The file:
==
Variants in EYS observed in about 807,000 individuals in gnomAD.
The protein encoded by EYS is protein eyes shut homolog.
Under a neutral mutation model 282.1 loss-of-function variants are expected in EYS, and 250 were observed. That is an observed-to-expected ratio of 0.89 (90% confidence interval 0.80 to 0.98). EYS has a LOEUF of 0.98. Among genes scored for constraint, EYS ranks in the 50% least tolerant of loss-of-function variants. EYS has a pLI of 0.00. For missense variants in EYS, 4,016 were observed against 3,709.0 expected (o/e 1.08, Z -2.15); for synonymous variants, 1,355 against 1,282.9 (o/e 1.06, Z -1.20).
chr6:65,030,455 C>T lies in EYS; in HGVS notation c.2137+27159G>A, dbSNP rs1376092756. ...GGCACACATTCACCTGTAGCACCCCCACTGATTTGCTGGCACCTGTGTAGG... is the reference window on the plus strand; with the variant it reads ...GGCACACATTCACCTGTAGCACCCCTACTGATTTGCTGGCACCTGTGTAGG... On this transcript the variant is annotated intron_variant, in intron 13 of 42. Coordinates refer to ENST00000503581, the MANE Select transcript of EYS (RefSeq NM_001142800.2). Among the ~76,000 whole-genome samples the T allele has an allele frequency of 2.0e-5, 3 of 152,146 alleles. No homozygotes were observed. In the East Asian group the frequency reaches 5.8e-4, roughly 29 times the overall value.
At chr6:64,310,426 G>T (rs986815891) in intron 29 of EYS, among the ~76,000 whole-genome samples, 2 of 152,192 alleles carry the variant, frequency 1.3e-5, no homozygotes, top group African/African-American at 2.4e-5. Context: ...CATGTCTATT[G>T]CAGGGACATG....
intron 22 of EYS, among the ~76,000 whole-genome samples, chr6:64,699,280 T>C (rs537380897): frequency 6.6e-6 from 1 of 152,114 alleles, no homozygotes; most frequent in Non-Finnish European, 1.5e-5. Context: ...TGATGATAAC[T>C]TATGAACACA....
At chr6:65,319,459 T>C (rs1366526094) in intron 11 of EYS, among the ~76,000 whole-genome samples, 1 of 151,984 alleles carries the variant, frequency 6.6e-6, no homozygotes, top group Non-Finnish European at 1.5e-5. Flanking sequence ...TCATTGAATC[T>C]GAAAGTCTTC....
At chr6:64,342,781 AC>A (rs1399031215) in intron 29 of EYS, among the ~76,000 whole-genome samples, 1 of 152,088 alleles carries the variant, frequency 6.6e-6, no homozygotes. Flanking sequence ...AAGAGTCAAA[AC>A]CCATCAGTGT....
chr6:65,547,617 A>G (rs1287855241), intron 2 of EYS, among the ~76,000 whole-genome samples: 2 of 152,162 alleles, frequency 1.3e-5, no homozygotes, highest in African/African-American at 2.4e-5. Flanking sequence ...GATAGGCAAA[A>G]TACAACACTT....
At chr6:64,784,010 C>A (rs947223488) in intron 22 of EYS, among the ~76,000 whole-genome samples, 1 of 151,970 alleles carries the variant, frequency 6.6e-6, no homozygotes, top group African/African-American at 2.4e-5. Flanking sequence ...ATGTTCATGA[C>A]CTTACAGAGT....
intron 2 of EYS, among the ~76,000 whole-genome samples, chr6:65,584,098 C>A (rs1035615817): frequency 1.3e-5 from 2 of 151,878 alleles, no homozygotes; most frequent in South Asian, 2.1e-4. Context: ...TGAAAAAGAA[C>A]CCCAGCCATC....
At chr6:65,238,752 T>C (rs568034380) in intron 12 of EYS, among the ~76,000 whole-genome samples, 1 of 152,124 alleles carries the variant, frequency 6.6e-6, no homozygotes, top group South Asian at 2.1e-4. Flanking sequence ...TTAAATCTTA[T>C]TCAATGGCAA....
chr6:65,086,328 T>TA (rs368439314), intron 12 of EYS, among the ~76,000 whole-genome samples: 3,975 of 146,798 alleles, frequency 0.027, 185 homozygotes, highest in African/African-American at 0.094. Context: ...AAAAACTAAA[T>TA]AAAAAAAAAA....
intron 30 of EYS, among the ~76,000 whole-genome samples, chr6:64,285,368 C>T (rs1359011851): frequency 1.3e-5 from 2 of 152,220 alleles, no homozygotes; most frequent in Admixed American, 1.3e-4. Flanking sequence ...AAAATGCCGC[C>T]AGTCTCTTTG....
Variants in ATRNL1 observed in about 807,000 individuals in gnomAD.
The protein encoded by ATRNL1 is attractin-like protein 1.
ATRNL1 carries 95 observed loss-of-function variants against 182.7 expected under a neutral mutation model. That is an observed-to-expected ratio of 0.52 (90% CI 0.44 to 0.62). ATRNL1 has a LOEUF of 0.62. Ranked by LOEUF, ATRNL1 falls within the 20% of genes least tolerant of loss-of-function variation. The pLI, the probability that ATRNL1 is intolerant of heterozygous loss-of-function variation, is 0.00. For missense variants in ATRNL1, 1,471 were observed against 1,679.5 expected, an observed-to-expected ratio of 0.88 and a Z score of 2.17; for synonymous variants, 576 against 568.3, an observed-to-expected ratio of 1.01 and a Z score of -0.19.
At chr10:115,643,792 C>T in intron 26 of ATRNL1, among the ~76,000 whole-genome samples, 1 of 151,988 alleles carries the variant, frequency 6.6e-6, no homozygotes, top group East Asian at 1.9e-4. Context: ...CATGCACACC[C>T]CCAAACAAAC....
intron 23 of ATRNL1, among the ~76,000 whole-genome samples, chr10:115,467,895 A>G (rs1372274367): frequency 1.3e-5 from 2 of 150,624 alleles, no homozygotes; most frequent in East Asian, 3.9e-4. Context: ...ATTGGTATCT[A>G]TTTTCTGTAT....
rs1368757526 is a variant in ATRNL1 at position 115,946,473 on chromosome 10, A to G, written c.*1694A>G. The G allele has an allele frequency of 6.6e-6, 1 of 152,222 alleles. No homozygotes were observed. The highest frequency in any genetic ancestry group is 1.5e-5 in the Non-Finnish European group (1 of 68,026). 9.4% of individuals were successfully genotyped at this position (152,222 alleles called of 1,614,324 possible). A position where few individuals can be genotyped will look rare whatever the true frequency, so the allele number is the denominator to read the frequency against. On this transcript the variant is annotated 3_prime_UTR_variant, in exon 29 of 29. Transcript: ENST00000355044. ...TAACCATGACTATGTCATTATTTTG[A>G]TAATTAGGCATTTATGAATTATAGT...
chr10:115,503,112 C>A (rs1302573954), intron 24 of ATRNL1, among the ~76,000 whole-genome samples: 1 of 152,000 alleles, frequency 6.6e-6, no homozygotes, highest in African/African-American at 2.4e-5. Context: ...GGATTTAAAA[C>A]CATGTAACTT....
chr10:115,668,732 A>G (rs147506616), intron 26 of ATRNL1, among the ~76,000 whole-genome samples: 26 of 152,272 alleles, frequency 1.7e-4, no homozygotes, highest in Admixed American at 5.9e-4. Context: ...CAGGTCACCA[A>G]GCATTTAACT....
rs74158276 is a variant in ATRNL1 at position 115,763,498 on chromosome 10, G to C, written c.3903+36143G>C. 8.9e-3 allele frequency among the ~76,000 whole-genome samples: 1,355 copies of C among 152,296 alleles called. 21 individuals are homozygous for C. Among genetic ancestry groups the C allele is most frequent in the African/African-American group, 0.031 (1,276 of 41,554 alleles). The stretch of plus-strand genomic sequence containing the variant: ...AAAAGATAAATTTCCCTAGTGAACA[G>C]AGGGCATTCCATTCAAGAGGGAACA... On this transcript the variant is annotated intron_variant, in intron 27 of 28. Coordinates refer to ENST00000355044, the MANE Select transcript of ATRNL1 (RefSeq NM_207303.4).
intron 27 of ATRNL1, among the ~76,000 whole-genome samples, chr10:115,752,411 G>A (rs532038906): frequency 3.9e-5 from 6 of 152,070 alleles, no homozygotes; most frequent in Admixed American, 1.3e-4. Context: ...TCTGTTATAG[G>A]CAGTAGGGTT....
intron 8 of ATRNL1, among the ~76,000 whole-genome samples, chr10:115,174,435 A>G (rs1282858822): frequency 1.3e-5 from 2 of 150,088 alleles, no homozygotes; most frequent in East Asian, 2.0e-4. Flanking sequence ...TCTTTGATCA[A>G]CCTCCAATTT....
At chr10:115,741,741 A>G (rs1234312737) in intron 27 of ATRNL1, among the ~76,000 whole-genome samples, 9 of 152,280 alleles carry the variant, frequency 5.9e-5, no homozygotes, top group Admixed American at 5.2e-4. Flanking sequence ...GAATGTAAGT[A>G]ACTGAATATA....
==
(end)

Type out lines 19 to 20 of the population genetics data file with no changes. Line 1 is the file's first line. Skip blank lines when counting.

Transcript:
intron 23 of ATRNL1, among the ~76,000 whole-genome samples, chr10:115,467,895 A>G (rs1372274367): frequency 1.3e-5 from 2 of 150,624 alleles, no homozygotes; most frequent in East Asian, 3.9e-4. Context: ...ATTGGTATCT[A>G]TTTTCTGTAT....
rs1368757526 is a variant in ATRNL1 at position 115,946,473 on chromosome 10, A to G, written c.*1694A>G. The G allele has an allele frequency of 6.6e-6, 1 of 152,222 alleles. No homozygotes were observed. The highest frequency in any genetic ancestry group is 1.5e-5 in the Non-Finnish European group (1 of 68,026). 9.4% of individuals were successfully genotyped at this position (152,222 alleles called of 1,614,324 possible). A position where few individuals can be genotyped will look rare whatever the true frequency, so the allele number is the denominator to read the frequency against. On this transcript the variant is annotated 3_prime_UTR_variant, in exon 29 of 29. Transcript: ENST00000355044. ...TAACCATGACTATGTCATTATTTTG[A>G]TAATTAGGCATTTATGAATTATAGT...